Inc. Magazine is NOT Charging You to Write Their Story

Hi Erik, this is Ken Lehman of Winning Workplace. You wrote that blog post about Inc. Magazine’s Top Small Company Workplaces.


I recognized the company name, even if I didn’t recognize Ken’s name.

Photo of Ken LehmanKen had read my blog post where I questioned the ethics of Inc. Magazine’s Top Small Company Workplaces story, and the fact that they were charging $149 for the application review just to be considered for the TSCW review.

Turns out I was barking up the wrong tree. And I have to thank Ken for patiently, and kindly, setting the record straight. Here’s what he told me:

Winning Workplaces is a 501(c)(3) nonprofit founded by his family in 2001. They were the Fel-Pro family, a business that was started and run by his family for more than 80 years, before they were sold.

Winning Workplaces was created to help small and mid-sized enterprises to become great places to work. They have done this project for 8 years. This is their 9th year for the award.

2010 was the first year Inc. was their media partner. Prior to that, they worked with the Wall Street Journal, and prior to that with Fortune Small Business.

In other words, Winning Workplaces gives the awards, and they have a relationship for Inc. Magazine to write the article. From there, other journalists pick it up, and it gets published in other news outlets.

The fees that are assessed — and they didn’t assess for the first several years — are paid to Winning Workplaces, not to Inc. They are nominal and cover the administrative costs to do the project. They are not any kind of editorial or advertorial, as I had previously thought. No one needs to apply without seeing the application first, and on the website, you can preview the application before you put any money up.

Winning Workplaces is made up of a small staff and his family has put a lot of money into the project over the years. Ken doesn’t even get paid for this. He does it for the satisfaction of helping other companies.

Ken said that the people who complete the application will often tell Winning Workplaces that the process is very instructive to their own businesses, and it helps them think about their workplaces differently. It gives them ideas about how they can improve themselves, regardless of whether they win, become a finalist, or even miss the first cut.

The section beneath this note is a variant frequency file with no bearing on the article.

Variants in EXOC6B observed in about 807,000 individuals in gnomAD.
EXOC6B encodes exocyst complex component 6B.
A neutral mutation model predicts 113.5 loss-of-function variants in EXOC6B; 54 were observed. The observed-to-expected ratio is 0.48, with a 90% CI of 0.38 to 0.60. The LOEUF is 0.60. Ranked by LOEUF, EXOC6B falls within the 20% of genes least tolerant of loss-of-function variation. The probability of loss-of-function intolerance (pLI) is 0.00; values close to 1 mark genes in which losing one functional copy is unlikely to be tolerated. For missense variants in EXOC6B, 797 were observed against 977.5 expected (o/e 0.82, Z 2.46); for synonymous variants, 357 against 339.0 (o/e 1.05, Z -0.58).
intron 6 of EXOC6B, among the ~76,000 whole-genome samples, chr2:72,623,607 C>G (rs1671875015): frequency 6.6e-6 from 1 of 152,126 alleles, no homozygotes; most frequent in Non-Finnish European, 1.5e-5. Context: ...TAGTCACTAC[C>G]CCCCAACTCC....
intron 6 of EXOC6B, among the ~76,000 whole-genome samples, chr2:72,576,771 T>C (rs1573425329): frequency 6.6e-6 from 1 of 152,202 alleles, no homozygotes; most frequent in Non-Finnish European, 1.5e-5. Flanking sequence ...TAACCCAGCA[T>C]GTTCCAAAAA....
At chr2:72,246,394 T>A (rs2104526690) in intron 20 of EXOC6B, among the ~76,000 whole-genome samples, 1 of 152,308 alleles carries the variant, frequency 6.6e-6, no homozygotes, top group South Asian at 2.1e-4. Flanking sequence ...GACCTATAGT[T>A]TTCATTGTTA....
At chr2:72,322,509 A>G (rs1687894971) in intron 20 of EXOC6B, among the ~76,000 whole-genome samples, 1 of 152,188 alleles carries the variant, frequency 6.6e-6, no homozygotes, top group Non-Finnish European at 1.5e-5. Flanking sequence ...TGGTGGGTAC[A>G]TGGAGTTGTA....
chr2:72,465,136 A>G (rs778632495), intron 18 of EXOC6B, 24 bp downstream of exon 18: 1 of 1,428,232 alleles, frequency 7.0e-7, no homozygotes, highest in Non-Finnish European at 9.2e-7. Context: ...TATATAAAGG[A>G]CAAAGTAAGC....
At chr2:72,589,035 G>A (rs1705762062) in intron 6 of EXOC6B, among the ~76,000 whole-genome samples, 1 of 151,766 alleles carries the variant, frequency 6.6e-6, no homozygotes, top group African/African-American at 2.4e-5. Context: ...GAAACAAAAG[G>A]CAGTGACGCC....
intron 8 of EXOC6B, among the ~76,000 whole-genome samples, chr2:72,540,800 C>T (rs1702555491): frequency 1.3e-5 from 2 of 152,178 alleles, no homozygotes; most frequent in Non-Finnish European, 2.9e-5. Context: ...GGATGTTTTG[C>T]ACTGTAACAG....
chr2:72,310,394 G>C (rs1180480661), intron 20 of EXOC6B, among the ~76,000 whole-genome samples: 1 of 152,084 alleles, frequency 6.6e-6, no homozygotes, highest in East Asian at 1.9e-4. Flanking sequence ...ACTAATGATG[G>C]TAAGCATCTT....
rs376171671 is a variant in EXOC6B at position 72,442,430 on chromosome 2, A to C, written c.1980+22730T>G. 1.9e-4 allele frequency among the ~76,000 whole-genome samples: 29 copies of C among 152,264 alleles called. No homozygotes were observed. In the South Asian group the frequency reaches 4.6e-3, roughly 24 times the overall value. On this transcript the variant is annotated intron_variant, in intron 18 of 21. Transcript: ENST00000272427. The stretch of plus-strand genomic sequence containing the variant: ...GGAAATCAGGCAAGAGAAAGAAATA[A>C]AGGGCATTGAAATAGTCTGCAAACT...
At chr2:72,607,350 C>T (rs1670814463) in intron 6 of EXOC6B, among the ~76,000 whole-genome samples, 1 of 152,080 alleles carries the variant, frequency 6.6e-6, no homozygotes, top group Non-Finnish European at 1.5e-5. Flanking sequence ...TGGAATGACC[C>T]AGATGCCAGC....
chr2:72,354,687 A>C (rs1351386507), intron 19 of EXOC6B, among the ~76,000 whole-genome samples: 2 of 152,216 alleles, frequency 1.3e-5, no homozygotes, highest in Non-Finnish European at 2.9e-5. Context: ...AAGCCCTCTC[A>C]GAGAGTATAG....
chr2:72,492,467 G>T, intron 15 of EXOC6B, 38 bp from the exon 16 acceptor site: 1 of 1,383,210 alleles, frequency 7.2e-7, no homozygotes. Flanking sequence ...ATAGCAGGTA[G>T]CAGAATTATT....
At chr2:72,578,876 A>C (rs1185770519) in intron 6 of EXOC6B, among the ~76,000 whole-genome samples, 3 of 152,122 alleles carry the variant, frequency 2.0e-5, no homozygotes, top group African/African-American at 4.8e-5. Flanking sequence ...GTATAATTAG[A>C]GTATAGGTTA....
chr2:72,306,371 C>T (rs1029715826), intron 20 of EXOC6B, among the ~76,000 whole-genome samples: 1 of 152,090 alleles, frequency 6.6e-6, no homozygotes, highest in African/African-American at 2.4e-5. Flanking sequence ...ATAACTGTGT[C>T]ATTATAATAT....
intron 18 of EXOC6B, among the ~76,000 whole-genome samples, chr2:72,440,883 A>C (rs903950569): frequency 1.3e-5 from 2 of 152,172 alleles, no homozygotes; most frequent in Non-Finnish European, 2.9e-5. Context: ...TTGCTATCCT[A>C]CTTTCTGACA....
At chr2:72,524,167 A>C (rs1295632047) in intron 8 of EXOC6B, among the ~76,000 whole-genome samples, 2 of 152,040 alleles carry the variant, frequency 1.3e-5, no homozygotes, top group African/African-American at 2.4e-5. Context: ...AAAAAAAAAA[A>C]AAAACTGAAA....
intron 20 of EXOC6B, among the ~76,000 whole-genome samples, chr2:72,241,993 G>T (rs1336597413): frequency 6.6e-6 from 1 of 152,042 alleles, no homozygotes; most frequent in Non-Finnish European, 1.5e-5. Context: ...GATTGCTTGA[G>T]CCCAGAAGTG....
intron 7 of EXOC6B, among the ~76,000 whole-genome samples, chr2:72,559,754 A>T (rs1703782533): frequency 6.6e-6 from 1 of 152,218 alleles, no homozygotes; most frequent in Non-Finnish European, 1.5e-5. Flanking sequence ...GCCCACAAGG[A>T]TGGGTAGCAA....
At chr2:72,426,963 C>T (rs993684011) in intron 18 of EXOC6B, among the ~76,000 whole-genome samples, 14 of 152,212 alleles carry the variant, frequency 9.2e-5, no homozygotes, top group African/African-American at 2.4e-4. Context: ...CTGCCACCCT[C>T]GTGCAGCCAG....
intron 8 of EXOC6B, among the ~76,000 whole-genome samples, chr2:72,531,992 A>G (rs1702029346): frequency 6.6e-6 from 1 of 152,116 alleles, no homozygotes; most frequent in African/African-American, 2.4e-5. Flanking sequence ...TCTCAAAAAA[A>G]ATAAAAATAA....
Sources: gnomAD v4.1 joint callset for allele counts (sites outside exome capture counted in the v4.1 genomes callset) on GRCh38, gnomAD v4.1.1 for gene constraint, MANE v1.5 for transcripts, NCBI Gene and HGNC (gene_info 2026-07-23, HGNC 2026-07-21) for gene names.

This year, they have 28 people lined up to do the initial reviewing and screening. Some of them volunteer, and others get paid nominal amounts to follow their whole methodology to do it. That’s where the money goes, not to Inc. Magazine.

When Ken’s family started Winning Workplaces, they did it because there was no recognition project for smaller organizations. In the 90s, when Ken was working for Fel-Pro, they made Forbes list of one of the good places to work in America. And when Fortune magazine started its 100 best companies to work for list, Fel-Pro was #4. When Fel-Pro was sold in 1998, one of the things they did was to share what they had learned with others, so they hit upon starting an organization. That’s where WW came from.

However, in 2000, Fortune Magazine stopped accepting applications from companies under 1,000 employees, and there was nowhere for smaller companies to go for this kind of recognition. That’s where the Top Small Company Workplaces project came from.

Since that time, it has proliferated, and there are now a number of recognition projects and lists around the country.

But — and this is where Winning Workplaces is different — theirs is the only ones where you can win once. Then you go into their hall of fame, and you can’t repeat.

Everyone else, on the other hand, has a business model where they sell their feedback to help companies move up the list, and earn a higher number, or at least to not fall off the list. In other words, companies will “sell” you consulting to keep you on the list; Winning Workplaces purposely avoids that kind of contamination.

So, having learned all that from Ken Lehman, I can see how the Top Small Company Workplaces award is actually worthwhile and beneficial to companies. I have to say a special thank you to Ken for calling me and setting me straight.

And now I want to enter the contest myself. But since we just moved into our new space 2 days ago (and we’re sharing it), I don’t know that we qualify.

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    About Erik Deckers

    Erik Deckers is the President of Pro Blog Service, a content marketing and social media marketing agency He co-authored four social media books, including No Bullshit Social Media with Jason Falls (2011, Que Biz-Tech), and Branding Yourself with Kyle Lacy (3rd ed., 2017, Que Biz-Tech), and The Owned Media Doctrine (2013, Archway Publishing). Erik has written a weekly newspaper humor column for 10 papers around Indiana since 1995. He was also the Spring 2016 writer-in-residence at the Jack Kerouac House in Orlando, FL.


    1. Thanks Robby. I appreciate it.

    2. There’s nothing quite as humbling as making a mistake and admitting you were wrong.

      There may be no better way to gain respect from your readers.

      Good work, Erik!

      P.S. Something something failure something something secret something something success.


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